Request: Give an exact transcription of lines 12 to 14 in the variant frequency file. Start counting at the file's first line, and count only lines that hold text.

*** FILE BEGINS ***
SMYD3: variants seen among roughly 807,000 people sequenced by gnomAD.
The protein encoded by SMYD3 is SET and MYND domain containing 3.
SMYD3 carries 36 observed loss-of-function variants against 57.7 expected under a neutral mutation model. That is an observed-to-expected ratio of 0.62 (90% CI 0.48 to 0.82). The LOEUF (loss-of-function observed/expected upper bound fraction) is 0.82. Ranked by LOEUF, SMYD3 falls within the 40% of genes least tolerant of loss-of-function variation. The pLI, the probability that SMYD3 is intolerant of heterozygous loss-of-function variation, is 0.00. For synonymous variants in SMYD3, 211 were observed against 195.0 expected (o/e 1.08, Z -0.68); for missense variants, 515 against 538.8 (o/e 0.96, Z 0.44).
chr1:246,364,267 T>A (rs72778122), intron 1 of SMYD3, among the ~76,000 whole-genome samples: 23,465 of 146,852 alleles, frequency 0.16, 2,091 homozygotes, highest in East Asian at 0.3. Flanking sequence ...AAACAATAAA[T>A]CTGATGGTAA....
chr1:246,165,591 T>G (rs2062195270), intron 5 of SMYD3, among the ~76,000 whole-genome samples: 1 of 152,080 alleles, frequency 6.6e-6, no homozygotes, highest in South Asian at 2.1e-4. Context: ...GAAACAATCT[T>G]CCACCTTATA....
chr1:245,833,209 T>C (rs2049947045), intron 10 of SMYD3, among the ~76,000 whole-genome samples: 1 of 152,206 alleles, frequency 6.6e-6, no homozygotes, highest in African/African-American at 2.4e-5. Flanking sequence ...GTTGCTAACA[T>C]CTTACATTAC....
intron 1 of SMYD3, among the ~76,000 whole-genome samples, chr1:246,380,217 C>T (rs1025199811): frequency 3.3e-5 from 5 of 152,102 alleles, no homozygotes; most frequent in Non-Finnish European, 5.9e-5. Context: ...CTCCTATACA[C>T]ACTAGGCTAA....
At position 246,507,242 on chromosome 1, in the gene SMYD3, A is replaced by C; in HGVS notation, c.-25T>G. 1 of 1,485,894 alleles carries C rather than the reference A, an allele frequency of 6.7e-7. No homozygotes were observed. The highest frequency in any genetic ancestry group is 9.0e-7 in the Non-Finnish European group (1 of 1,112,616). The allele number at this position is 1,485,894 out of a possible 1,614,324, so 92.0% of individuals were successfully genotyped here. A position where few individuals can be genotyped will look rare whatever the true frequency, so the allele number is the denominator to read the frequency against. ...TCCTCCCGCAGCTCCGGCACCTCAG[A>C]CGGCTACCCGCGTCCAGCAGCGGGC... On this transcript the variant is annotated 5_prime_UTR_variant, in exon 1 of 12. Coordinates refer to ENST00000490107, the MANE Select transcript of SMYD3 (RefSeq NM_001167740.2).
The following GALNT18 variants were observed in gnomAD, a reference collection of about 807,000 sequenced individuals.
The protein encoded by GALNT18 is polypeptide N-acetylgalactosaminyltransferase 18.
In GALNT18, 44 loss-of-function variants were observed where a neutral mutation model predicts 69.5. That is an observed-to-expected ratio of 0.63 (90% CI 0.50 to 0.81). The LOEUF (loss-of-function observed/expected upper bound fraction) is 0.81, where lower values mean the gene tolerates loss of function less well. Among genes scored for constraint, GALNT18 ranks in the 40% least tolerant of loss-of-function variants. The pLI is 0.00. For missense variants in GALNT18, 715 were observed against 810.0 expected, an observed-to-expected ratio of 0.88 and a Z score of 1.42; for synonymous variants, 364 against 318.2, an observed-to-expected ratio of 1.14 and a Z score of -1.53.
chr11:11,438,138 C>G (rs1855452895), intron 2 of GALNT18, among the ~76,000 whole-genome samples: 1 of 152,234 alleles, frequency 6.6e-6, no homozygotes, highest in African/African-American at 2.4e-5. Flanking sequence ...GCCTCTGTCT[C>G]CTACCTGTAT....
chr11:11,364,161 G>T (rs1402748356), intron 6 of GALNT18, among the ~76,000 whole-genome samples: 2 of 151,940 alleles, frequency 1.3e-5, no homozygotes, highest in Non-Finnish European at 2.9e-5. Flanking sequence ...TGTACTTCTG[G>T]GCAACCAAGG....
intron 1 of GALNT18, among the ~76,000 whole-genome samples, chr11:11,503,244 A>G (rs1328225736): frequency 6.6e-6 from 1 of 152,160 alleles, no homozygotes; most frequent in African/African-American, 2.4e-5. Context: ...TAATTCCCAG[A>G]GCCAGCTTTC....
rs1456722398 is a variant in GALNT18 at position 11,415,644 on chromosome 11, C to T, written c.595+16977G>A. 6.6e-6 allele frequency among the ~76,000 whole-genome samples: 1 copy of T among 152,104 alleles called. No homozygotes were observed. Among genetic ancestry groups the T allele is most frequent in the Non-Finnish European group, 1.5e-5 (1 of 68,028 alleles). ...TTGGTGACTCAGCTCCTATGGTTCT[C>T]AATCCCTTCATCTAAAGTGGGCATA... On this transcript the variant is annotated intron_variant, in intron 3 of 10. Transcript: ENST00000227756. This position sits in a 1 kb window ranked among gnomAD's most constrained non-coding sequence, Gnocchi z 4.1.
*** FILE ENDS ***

chr11:11,438,138 C>G (rs1855452895), intron 2 of GALNT18, among the ~76,000 whole-genome samples: 1 of 152,234 alleles, frequency 6.6e-6, no homozygotes, highest in African/African-American at 2.4e-5. Flanking sequence ...GCCTCTGTCT[C>G]CTACCTGTAT....
chr11:11,364,161 G>T (rs1402748356), intron 6 of GALNT18, among the ~76,000 whole-genome samples: 2 of 151,940 alleles, frequency 1.3e-5, no homozygotes, highest in Non-Finnish European at 2.9e-5. Flanking sequence ...TGTACTTCTG[G>T]GCAACCAAGG....
intron 1 of GALNT18, among the ~76,000 whole-genome samples, chr11:11,503,244 A>G (rs1328225736): frequency 6.6e-6 from 1 of 152,160 alleles, no homozygotes; most frequent in African/African-American, 2.4e-5. Context: ...TAATTCCCAG[A>G]GCCAGCTTTC....